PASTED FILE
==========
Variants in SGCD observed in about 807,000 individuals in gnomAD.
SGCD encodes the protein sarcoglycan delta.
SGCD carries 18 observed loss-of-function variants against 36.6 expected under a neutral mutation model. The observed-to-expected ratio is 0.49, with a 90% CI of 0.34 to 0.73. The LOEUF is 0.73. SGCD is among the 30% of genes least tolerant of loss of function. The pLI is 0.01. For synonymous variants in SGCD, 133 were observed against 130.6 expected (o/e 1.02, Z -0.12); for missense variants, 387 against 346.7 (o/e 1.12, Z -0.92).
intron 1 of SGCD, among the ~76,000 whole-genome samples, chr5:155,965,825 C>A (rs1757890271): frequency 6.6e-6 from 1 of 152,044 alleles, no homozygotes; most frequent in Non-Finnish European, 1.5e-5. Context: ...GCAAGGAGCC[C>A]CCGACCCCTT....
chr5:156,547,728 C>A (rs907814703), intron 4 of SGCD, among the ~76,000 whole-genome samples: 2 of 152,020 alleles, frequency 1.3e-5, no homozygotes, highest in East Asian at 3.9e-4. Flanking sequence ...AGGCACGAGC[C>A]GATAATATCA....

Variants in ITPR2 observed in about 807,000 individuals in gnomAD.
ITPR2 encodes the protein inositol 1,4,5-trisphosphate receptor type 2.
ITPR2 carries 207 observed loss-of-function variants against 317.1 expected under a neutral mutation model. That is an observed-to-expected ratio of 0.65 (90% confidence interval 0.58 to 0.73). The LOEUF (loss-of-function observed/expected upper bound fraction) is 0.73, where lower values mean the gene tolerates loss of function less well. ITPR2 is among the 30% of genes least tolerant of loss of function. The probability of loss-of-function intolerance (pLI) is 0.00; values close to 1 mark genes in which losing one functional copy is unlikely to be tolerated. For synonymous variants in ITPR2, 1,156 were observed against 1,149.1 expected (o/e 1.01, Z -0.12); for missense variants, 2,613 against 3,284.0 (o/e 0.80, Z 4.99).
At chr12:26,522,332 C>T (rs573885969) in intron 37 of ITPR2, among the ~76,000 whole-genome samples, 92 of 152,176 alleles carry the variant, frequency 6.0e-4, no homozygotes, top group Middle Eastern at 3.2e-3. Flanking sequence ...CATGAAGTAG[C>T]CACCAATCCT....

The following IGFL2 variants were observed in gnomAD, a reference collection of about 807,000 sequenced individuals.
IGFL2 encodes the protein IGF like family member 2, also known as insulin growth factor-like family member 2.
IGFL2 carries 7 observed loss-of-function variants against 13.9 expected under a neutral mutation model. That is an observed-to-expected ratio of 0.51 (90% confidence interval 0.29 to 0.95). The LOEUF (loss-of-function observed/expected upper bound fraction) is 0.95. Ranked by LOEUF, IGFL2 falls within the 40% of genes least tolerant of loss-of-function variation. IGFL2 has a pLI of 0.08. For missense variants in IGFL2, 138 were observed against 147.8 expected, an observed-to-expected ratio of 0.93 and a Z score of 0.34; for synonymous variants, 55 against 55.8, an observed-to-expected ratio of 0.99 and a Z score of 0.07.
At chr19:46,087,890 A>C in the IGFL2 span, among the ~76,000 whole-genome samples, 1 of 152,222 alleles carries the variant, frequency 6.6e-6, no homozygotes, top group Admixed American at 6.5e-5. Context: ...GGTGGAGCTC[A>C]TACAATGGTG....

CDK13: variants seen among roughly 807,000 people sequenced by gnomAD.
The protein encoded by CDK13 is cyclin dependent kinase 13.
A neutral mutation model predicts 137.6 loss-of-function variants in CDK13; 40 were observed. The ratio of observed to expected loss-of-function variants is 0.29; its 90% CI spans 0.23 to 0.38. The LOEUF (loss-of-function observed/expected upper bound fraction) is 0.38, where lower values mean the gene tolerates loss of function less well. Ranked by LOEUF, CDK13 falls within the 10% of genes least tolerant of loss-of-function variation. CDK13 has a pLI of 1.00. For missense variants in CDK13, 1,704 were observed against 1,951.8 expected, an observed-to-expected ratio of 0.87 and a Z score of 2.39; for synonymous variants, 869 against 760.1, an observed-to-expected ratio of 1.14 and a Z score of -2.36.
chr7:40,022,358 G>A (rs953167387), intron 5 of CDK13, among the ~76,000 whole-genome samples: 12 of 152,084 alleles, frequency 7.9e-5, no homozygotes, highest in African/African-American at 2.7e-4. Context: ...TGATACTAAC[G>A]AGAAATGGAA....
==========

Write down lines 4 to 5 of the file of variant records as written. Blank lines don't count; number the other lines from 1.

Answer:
intron 1 of SGCD, among the ~76,000 whole-genome samples, chr5:155,965,825 C>A (rs1757890271): frequency 6.6e-6 from 1 of 152,044 alleles, no homozygotes; most frequent in Non-Finnish European, 1.5e-5. Context: ...GCAAGGAGCC[C>A]CCGACCCCTT....
chr5:156,547,728 C>A (rs907814703), intron 4 of SGCD, among the ~76,000 whole-genome samples: 2 of 152,020 alleles, frequency 1.3e-5, no homozygotes, highest in East Asian at 3.9e-4. Flanking sequence ...AGGCACGAGC[C>A]GATAATATCA....